Just in Time: Poems 1984-1994 continues the consolidation of Robert Creeley’s later work begun with So There: Poems 1976-83 (1998). Just in Time combines Memory Gardens (1986), Windows (1990), and Echoes (1994) in a volume that further validates the Lifetime Achievement Awards conferred on Creeley by the Before Columbus Foundation in 2000 and the Lannan Foundation in 2001. The poet himself comments about his later work: “Much echoes in these poems from the necessary ’voyage to oblivion’ they prepare for, but they are fact of no simple despair. Each day stays specific, possible, each relation defining, whether of life or of death. As my longtime mentor, W. C. Williams, best put it, ’The descent beckons as the ascent beckoned ….’One continues and learns despite.”

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cover image of the book Life And Death

Life And Death

In 1999 Robert Creeley received the prestigious Bollingen Prize in Poetry, and was elected a Chancellor of the Academy of American Poets. Both honors made specific note of his experimental style, his long influence, and his ongoing importance. Robert Creeley’s stature has been further confirmed by a Lifetime Achievement Award conferred by the Before Columbus Foundation as part of its American Book Awards 2000. Creeley’s 1998 collection, Life & Death, now available as a New Directions Paperbook, is a high point in a career that has poignantly combined “linguistic abstraction with specificity of time and place” (R. D. Pohl, Buffalo News).

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So There

So There: Poems 1976-83 combines three earlier collections of Robert Creeley’s work published by New Directions –– Hello: A Journal, February 29-May 3, 1976 (published 1978); Later (1979); and Mirrors (1983). This first gathering of the poet’s later work continues but also stands in contrast to his early poems as presented in the monumental Collected Poems 1945-1975 (University of California Press, 1982). Few poets have so clear a demarcation in their work. In 1976, Creeley set off to visit nine countries in the Far East, to explore his sense of self in a foreign landscape. He found not only a “company” of fellow beings but also a transformed sense of life and subsequently a new family. He sees today that these three books in a single volume emphasize the “determined change in my life they are the issue of.” They record a watershed period when Creeley “moved beyond his early influences to become a unique master” (Publishers Weekly, about Mirrors).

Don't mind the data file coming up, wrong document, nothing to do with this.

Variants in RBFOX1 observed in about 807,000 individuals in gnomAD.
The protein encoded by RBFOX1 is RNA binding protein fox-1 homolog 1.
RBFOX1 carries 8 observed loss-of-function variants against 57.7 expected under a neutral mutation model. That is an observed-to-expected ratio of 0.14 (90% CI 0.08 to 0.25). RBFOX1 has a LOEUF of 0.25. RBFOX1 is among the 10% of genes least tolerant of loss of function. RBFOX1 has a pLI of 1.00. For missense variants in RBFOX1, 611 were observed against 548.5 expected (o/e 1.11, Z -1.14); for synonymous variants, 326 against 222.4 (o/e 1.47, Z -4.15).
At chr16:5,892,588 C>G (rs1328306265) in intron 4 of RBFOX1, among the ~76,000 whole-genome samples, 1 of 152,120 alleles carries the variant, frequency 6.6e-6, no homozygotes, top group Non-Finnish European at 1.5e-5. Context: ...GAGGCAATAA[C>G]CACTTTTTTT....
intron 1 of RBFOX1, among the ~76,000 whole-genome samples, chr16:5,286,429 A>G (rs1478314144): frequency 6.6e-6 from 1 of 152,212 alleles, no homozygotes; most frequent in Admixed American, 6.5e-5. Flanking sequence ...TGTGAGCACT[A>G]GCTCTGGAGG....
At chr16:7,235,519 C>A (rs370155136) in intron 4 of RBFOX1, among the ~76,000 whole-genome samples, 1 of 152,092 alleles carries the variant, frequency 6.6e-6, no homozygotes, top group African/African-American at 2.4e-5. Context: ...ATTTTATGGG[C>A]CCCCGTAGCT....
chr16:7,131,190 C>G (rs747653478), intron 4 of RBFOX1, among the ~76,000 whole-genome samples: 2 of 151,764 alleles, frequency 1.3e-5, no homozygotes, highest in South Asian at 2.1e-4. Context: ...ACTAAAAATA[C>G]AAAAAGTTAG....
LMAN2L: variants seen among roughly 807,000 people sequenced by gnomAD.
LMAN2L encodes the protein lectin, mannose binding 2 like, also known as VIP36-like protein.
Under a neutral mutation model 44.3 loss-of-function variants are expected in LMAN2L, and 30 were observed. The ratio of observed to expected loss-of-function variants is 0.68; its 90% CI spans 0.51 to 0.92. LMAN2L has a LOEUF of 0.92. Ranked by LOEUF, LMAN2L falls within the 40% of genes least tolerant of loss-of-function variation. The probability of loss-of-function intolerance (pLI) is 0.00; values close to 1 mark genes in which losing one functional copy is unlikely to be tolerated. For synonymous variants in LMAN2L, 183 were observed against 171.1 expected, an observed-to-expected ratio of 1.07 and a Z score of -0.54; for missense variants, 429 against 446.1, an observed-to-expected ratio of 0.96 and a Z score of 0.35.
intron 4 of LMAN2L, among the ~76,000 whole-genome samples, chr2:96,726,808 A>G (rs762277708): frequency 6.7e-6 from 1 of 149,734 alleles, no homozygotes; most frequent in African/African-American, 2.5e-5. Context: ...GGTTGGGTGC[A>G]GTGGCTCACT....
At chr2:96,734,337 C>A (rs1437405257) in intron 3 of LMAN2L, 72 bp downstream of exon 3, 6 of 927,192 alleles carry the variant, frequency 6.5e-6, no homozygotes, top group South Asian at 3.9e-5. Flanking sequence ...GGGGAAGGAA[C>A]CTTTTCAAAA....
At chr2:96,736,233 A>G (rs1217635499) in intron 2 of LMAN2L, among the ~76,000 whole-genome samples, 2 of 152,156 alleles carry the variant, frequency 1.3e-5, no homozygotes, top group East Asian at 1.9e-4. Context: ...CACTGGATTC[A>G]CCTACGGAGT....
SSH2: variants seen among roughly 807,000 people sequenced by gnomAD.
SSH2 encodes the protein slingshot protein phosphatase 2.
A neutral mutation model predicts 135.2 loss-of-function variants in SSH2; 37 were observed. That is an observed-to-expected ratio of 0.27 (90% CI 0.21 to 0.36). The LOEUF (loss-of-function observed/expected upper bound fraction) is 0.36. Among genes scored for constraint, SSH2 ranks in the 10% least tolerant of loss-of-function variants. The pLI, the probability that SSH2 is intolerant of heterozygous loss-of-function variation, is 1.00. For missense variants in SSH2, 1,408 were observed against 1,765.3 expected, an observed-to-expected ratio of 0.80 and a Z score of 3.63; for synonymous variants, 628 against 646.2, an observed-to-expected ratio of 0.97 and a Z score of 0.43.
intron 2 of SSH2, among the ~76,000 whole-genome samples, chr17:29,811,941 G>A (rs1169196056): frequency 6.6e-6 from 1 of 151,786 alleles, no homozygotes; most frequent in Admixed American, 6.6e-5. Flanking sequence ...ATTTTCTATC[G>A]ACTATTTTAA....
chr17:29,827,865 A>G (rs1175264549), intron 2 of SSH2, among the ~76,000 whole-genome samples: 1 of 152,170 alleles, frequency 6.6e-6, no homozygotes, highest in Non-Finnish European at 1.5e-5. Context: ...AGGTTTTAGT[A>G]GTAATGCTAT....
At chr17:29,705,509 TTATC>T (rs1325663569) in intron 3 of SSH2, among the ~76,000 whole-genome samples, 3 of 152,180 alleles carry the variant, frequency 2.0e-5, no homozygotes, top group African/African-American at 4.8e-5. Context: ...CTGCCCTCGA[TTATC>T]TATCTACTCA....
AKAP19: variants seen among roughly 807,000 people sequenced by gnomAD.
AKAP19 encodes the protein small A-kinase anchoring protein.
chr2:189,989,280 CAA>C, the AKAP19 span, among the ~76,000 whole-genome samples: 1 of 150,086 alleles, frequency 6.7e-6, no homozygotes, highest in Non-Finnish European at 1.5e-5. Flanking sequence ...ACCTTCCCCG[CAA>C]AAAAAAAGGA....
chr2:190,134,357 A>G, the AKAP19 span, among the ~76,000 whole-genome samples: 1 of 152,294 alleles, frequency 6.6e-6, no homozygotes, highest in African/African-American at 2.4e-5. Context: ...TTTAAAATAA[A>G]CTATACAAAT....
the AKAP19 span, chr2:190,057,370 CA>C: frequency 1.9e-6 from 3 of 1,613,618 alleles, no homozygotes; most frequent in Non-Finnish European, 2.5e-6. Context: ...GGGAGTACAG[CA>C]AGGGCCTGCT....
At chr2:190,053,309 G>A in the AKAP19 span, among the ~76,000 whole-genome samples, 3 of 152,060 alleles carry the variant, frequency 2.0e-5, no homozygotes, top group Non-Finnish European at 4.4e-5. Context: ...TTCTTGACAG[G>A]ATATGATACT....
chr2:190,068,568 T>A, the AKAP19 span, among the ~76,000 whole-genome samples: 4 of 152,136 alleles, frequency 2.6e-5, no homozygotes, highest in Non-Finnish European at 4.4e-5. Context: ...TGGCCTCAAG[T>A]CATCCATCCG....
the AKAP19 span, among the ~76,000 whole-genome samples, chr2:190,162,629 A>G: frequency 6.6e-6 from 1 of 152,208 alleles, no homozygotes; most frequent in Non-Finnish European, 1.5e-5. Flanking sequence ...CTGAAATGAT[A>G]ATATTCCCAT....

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Echoes is an exploration of the limits and resonances, public and personal, of age. Included in this collection is “Sonnets,” an outcry against human violence and dogmatism (“Come round again the banal / belligerence almost a / flatulent echo of times”), while the book’s closing sequence, “Roman Sketchbook,” contemplates with wit and affection the measure of one’s literal body in echoing time and place. Creeley as ever articulates the givens of life, its daily fact and possibility with careful, concise invention.

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cover image of the book Windows


Windows is Robert Creeley’s first collection of poems since Memory Gardens (1986). It marks, as its title implies, a framing of realities that is neither simply passive nor reflective. For Creeley, age and travel have served to highlight the foreignness of everyday circumstances, so that the window-passages between “inside” and “out” have become increasingly more necessary for survival.

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cover image of the book Memory Gardens

Memory Gardens

The title of Robert Creeley’s new gathering of poems, Memory Gardens, softly announces his meditative theme. As on a quiet walk through a familiar landscape, the poet leads us along paths of recollection. Thoughts turn back upon themselves, evoking half-forgotten intangibles of past moments. Childhood and family, old loves lost and new loves gained, the change of seasons, supper in the kitchen––it is such particularities as these that Creeley catches with the spare lines of his tight constructions. Though comprised of short poems in the main, the collection includes three exceptional sequences: the poignant “Four for John Daley”; “Après Anders,” macaronic improvisations on work by the German poet Richard Anders; and “A Calendar,” a group of twelve poems, one for each month of the year, appropriately concluding the book with a December “Memory” (“Only us then/remember, discover,/still can care for/the human”).